In honor of Father’s Day, we asked our Facebook followers to share their favorite dad + period story. Here are some of our favorites (there were SO many good ones):

“The first time I ever had menstrual cramps, I was 15 (I had been irregular and spotty for a couple of years before that). I woke up in the middle of the night and thought my appendix was about to burst. I crawled across the house to my parents’ room. My mom said, “It’s just cramps. Go back to bed.” (I realized later we must have been ‘lined up’, so that’s how she would have known.) My dad got out of bed, got me the heating pad and some ibuprofen, helped me back to bed, and sat up with me until I could fall asleep again. Then he just went to work. He took being a father very seriously, and I will always be grateful.” – Amanda

“My first period happened on a trip to New Orleans when I was 13 while driving there. We stopped at a hotel near Memphis for the night. When I announced it to my parents my dad ordered margaritas at dinner to celebrate. I really wished that a.) I could have had one, and b.) he hadn’t announced it to our waitress.” – Kathleen

“The day after I got my period I went to a birthday party where we went swimming. That night, in and out of sleep, I heard my dad come into my room a few times and put his hand on my forehead (I was not sick). Finally, on one of his many trips, I asked him what he was doing. He told me that he was checking to make sure I was ok, as sometimes tampons can absorb water and make you feel bad.

Even though the risk of me acquiring toxic shock syndrome from a chlorinated pool was seriously impossible, looking back on it now the gesture seriously warms my heart. My dad has always been a worrywart, and I’m sure he read about tampons and toxic shock syndrome once and tossed and turned all night long at the thought of me getting sick. Even though his worries seemed irritating at the time, I now realize he does what he does because he loves my sisters and I so much. He is a really good dad!” – Jennifer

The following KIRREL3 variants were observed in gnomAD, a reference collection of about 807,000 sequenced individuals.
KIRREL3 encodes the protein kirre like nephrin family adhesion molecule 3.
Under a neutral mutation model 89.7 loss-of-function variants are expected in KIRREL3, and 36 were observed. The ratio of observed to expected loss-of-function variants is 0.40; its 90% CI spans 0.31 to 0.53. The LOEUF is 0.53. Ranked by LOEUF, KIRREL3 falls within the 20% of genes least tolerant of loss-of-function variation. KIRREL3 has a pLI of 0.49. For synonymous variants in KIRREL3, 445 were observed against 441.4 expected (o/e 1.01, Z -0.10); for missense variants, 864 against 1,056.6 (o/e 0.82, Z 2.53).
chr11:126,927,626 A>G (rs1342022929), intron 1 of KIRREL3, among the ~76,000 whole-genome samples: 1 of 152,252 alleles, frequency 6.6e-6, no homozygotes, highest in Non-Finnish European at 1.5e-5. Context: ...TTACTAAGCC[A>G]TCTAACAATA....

“I’ll never forget this: The first time I got my period in school (5th grade), the nurse called home and was letting me leave school. My parents weren’t home so she left a message on the answering machine. A short while later, I was told my dad was there to pick me up. YES! MY DAD! Completely and utterly mortified, my dad started teasing me as we walked to the car.” – Tiffany

“Got my first period summer after 6th grade. Sister and mom were not home. My dad waited outside the bathroom door, calling in periodically with concern ‘you okay?’ and ‘need help?’. Thanks dad. I miss you!” – Kristin

“When my dad had to start buying me tampons, he got frustrated after like, two months and just bought two of the biggest economy packs of tampons he could find so he didn’t have to go back to get more. I only had a period every 2-3 months so they actually lasted me from age 13 to about age 19.” – Veronica

“When I got my period for the first time I was at my dads house for the weekend which was in a very small town and 3 hours from home and my mom. The grocery store and all other businesses were closed. My dad called the owner of the very small grocery store. He met us doen there and let us in. My dad and the owner both stopped at the end of the aisle and pointed down to the pads and tampons. I think my dad said something like “just get whatever you need”. I was on my own!! I was so embarrassed but those two grown men seemed just as embarrassed!! I’m sure every person in that small town heard about it. I will never forget that!” – Jennie

The story below sparked a discussion about what dark purposes one might have for menstrual supplies. I’m still convinced that her menstruating mama just wanted some alone time:

“I remember that when I was really little, when my father would run to the store to pick up pads for my mother, my mother would insist I go too. Like I was proof he actually had a lady at home, and wasn’t just stockpiling menstrual supplies for some dark purpose.” – Saundra